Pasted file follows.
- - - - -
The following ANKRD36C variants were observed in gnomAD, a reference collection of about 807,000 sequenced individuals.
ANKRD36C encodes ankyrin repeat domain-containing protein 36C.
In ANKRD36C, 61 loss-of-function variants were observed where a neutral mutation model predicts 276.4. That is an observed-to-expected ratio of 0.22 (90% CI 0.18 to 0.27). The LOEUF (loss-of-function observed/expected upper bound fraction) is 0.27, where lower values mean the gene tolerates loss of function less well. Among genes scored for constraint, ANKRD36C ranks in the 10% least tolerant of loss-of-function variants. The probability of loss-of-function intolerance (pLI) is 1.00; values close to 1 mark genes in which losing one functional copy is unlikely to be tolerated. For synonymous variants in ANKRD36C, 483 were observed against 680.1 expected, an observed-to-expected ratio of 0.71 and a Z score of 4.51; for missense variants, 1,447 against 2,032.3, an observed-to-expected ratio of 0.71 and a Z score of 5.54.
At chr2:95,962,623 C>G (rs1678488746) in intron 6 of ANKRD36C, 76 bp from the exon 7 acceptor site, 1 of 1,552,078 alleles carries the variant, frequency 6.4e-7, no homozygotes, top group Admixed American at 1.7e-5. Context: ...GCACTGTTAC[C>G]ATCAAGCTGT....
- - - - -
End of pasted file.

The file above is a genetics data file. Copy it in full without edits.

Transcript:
The following ANKRD36C variants were observed in gnomAD, a reference collection of about 807,000 sequenced individuals.
ANKRD36C encodes ankyrin repeat domain-containing protein 36C.
In ANKRD36C, 61 loss-of-function variants were observed where a neutral mutation model predicts 276.4. That is an observed-to-expected ratio of 0.22 (90% CI 0.18 to 0.27). The LOEUF (loss-of-function observed/expected upper bound fraction) is 0.27, where lower values mean the gene tolerates loss of function less well. Among genes scored for constraint, ANKRD36C ranks in the 10% least tolerant of loss-of-function variants. The probability of loss-of-function intolerance (pLI) is 1.00; values close to 1 mark genes in which losing one functional copy is unlikely to be tolerated. For synonymous variants in ANKRD36C, 483 were observed against 680.1 expected, an observed-to-expected ratio of 0.71 and a Z score of 4.51; for missense variants, 1,447 against 2,032.3, an observed-to-expected ratio of 0.71 and a Z score of 5.54.
At chr2:95,962,623 C>G (rs1678488746) in intron 6 of ANKRD36C, 76 bp from the exon 7 acceptor site, 1 of 1,552,078 alleles carries the variant, frequency 6.4e-7, no homozygotes, top group Admixed American at 1.7e-5. Context: ...GCACTGTTAC[C>G]ATCAAGCTGT....